Deconstruct your content, SEO and social media regularly

I don’t always agree with everything entrepreneur and author Tim Ferriss writes, but I definitely agree with his approach to challenges. In The 4-Hour Body, he frequently refers to the ‘Minimum Effective Dose’ which is what allows you to achieve big changes in short periods of time by focussing on the minimum you need to achieve results.

And you find out what that is either by reading his books, or by doing the work of deconstruction yourself. Here’s a TED talk from 2008 where he covers his approach to swimming, learning languages and ballroom dancing.

Why deconstruct your content and marketing?

It’s easy to spend a lot of time and money on the seemingly endless churn of creating content, improving your SEO or connecting to new people on Social Media. And if you can cope with that workload, you’ll certainly learn to create content quickly, and benefit from the sum of your connections (with reference to Stowe Boyd).

But what is actually working? What’s the Minimum Effective Dose for publishing content? How long should you spend on optimising your headline or link building to improve your search rankings, and how much of your social media promotion is actually worthwhile?

It all comes back to how you generate revenue, and learning how to track everything back to that end goal with your analytics software.

I don’t propose that every tweet needs to show a positive ROI, or that you shouldn’t try new things. But you’ll be better placed to enjoy the experimentation and fun of connecting and chatting if you know you’ve already covered the foundations of your digital business by doing the effective dose for the day/week/month, and any additional work is a bonus on top of that.

If you can combine the Minimum Effective Content and Marketing Dose with the three layers of asking ‘So What?’ when you’re measuring/tracking something (with credit to Avinash Kaushik), then you’re well on the way to making yourself and your business more efficient in the basics, and giving yourself more time to either devote to fun projects or relaxing in front of the TV.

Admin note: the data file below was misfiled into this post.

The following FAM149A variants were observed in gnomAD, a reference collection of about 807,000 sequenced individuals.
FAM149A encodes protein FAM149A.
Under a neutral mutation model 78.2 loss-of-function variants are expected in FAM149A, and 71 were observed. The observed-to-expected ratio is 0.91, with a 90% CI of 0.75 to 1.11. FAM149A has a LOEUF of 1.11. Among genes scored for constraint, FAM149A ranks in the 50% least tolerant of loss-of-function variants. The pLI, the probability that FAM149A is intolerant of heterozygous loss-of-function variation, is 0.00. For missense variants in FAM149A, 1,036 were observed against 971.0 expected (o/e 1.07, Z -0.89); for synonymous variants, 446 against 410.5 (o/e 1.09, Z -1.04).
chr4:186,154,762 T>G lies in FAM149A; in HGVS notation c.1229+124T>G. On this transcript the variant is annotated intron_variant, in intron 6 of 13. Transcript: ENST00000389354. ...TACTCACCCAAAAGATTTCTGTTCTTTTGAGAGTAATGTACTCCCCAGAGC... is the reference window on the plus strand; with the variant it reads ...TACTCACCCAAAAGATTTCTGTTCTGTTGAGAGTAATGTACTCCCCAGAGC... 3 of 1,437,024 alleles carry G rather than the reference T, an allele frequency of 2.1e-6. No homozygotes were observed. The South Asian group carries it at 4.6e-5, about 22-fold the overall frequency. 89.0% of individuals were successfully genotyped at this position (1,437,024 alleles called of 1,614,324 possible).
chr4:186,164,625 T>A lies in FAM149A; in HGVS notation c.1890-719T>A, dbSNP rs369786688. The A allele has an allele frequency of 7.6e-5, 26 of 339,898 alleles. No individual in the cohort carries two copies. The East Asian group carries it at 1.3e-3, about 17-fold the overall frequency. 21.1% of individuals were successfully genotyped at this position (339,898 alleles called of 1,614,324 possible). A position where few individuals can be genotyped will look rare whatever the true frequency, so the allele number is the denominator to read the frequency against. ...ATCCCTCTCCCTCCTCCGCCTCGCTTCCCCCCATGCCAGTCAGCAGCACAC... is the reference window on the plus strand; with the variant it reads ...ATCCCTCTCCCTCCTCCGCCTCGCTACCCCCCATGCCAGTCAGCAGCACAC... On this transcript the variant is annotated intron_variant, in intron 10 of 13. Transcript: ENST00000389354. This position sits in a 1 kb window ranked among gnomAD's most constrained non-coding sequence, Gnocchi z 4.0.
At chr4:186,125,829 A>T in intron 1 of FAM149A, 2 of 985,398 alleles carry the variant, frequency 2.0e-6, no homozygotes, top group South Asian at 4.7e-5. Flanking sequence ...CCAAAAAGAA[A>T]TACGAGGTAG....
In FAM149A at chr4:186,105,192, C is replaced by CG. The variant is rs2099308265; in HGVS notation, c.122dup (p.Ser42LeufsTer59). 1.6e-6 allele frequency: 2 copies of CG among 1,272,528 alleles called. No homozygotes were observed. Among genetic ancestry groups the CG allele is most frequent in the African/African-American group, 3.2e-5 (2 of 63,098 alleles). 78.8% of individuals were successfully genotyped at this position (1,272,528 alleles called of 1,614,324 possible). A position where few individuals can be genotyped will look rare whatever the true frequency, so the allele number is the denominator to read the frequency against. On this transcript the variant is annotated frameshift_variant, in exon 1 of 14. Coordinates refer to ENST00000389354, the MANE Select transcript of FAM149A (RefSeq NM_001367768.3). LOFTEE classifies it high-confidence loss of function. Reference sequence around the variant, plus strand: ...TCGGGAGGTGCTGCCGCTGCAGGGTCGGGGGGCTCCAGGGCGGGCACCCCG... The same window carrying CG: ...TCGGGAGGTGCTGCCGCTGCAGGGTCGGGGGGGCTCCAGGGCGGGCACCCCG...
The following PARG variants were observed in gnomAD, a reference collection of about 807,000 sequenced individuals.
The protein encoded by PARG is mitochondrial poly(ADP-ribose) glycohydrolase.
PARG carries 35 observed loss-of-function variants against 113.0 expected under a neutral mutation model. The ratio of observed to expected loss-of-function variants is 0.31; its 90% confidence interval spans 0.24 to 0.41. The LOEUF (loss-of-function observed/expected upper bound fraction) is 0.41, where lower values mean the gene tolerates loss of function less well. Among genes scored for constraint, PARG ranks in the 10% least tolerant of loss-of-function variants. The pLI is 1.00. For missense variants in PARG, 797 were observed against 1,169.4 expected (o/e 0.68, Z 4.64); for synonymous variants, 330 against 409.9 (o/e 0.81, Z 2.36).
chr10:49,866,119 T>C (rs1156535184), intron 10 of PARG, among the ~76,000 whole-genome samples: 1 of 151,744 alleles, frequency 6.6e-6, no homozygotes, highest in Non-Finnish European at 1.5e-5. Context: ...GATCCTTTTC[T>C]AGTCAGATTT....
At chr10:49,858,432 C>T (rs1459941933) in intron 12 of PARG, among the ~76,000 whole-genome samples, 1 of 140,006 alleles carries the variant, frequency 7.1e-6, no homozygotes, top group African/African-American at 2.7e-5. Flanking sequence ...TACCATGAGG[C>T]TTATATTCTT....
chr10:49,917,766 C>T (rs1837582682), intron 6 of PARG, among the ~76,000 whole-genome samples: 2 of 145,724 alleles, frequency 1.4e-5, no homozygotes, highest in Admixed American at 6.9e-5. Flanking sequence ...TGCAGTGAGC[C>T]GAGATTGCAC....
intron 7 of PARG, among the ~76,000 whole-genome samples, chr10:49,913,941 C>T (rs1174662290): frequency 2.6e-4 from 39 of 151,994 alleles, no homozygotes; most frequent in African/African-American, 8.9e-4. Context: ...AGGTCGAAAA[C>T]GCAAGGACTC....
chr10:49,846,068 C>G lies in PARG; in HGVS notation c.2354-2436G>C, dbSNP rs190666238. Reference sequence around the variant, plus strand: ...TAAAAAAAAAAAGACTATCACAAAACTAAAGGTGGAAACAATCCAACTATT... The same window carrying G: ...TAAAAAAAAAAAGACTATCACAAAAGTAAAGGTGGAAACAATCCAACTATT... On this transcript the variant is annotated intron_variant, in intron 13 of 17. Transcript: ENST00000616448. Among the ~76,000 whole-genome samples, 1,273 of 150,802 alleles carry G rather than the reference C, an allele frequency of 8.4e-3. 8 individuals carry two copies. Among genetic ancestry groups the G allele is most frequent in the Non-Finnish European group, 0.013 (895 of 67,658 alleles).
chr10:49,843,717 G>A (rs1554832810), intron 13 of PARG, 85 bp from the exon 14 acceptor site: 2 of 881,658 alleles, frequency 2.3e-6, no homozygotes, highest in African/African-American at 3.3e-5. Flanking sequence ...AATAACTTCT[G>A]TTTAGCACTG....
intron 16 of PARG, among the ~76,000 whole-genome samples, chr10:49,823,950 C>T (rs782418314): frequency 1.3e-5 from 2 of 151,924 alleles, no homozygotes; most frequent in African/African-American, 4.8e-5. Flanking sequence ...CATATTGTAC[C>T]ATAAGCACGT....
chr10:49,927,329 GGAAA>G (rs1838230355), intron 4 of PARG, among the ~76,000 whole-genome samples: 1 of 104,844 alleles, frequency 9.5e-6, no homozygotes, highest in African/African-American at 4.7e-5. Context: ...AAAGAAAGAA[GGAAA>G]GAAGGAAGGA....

ipod deconstruction - 5

A useful skill for everyday life and business:

The ability to look at models and mechanisms and deconstruct them isn’t just handy for digital marketing. It’s a lifehacking skill which applies to most areas of your profession – how long does it really take to fill out your tax form? How about your bookeeping? And what it you apply it not only to the gym, but to housework, or or areas of life? How much time could you free up for other things?

And I don’t believe you have to be naturally analytical to achieve it. I spent the years between school and working explicitly in SEO doing a number of very creative roles, mainly as a journalist and writer. In that time I’d forgotten basic math, let alone what I’d learnt in statistics classes, and viewed Excel as an instrument of torture. But since I began working for myself, it’s been utterly essential to figure out what needs to be done on a daily, weekly or monthly basis, and how to achieve it as efficiently and effectively as possible, or the workload would be completely overwhelming, and I’d never be able to spend any time working on my own websites (Another one of which, Rescogs, has just launched by the way).

I’m still at an early stage in learning the art of deconstruction, but both the 4-Hour Work Week and the 4-Hour Body provide some valuable insight into how it can be achieved, even if you don’t intend to work out even for that long each month.

And if you need any help, there are people you can turn to. Find your nearest talented software developer/programmer or master criminal, and watch them deal with their professional problems with analysis and deconstruction, even if their personal lives might still be a shambles. In fact, combine the two professions and you’ve pretty much found a typical hacker from my experience, who will happily deconstruct a lock, a software program, or Western society over a beer or two.